I'm getting tired of listening to/reading the news lately. The economic crisis is really a bummer. It's like watching a car crash, or a plane crash, but one that takes 6, 12, who knows? how many months to happen. You can see about now the windshield spiderwebbing into a million little fragments, and some of the fragments are starting to bend outward as the passengers' heads start busting through it. The front bumper is crumped and up where the carburator is usually, and you can small gas leaking out somewhere but it hasn't caught fire - yet.

It's really a bummer.

A Reassuring Thought

My friend José posted something to his blog that really gives me some hope in these seemingly dark times. Basically it is the idea that people are divided into 2 schools of thought: those who really want you to be scared that if "law and order" and the "institutions" break down, civilization will collapse into a Hobbesean nightmare of everyone for themselves, and then other people who recognize that people are basically good and will band together to help each other and protect each other from harm and mishap when the going gets tough.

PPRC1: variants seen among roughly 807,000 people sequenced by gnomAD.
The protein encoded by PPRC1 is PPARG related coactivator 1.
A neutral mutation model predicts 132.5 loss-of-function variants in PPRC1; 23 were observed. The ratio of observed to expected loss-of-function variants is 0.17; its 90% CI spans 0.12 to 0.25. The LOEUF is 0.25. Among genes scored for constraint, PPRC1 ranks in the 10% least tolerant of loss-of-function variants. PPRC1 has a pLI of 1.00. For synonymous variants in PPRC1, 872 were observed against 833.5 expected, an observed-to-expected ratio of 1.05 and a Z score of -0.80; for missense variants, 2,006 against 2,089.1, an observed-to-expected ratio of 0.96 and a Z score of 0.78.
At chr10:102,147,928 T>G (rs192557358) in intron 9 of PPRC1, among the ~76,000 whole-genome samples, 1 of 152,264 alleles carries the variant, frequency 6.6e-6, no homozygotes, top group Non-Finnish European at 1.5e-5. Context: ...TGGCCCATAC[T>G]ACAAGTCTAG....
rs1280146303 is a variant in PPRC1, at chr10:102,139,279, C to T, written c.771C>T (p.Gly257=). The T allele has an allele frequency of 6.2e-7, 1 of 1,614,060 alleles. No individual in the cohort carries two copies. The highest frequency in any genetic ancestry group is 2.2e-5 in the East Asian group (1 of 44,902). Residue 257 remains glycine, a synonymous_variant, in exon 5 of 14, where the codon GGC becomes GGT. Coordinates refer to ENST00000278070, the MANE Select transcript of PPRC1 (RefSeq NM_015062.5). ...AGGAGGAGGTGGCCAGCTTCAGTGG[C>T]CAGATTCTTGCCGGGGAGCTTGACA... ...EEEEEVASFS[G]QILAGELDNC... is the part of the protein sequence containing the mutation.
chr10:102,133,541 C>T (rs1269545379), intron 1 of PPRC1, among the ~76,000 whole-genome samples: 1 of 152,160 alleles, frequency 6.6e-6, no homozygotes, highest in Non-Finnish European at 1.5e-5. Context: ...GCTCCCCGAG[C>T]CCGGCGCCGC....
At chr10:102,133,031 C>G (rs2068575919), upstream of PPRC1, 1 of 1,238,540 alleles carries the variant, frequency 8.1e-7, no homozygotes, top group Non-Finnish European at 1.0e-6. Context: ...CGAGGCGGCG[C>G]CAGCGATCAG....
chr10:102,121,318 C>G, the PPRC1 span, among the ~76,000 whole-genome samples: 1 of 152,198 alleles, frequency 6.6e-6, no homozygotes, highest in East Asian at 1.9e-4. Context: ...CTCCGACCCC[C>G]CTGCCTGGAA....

Like José says in his post, "print out this brilliant comment... and keep a copy handy at all times given the faddish resurgence of doomsday cults."

It's so easy to panic and be afraid. But hey, let's not, okay?

Losing My Edge

I just can't get over how perfect this song is for an aging jaded wannabe hipster like myself at this moment in history: "Losing My Edge", by LCD Soundsystem. It's so hilarious and cynical and sad and clever and stinging and brilliant. Just check out some of the lyrics, my fav lines:

I was there in Jamaica during the great sound clashes.
I woke up naked on the beach in Ibiza in 1988.